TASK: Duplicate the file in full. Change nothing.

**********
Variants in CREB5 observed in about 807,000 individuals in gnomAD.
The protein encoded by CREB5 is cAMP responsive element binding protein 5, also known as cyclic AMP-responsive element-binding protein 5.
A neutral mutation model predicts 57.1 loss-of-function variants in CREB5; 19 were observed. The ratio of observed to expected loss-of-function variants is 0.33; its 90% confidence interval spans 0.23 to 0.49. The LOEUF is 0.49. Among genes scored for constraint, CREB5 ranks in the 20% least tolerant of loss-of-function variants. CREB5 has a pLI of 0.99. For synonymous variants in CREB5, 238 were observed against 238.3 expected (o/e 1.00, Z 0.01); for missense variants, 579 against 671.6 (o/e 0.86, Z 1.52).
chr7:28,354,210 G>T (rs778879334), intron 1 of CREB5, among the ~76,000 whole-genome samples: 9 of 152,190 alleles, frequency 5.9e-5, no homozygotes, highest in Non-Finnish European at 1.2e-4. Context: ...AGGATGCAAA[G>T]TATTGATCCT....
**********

Variants in CREB5 observed in about 807,000 individuals in gnomAD.
The protein encoded by CREB5 is cAMP responsive element binding protein 5, also known as cyclic AMP-responsive element-binding protein 5.
A neutral mutation model predicts 57.1 loss-of-function variants in CREB5; 19 were observed. The ratio of observed to expected loss-of-function variants is 0.33; its 90% confidence interval spans 0.23 to 0.49. The LOEUF is 0.49. Among genes scored for constraint, CREB5 ranks in the 20% least tolerant of loss-of-function variants. CREB5 has a pLI of 0.99. For synonymous variants in CREB5, 238 were observed against 238.3 expected (o/e 1.00, Z 0.01); for missense variants, 579 against 671.6 (o/e 0.86, Z 1.52).
chr7:28,354,210 G>T (rs778879334), intron 1 of CREB5, among the ~76,000 whole-genome samples: 9 of 152,190 alleles, frequency 5.9e-5, no homozygotes, highest in Non-Finnish European at 1.2e-4. Context: ...AGGATGCAAA[G>T]TATTGATCCT....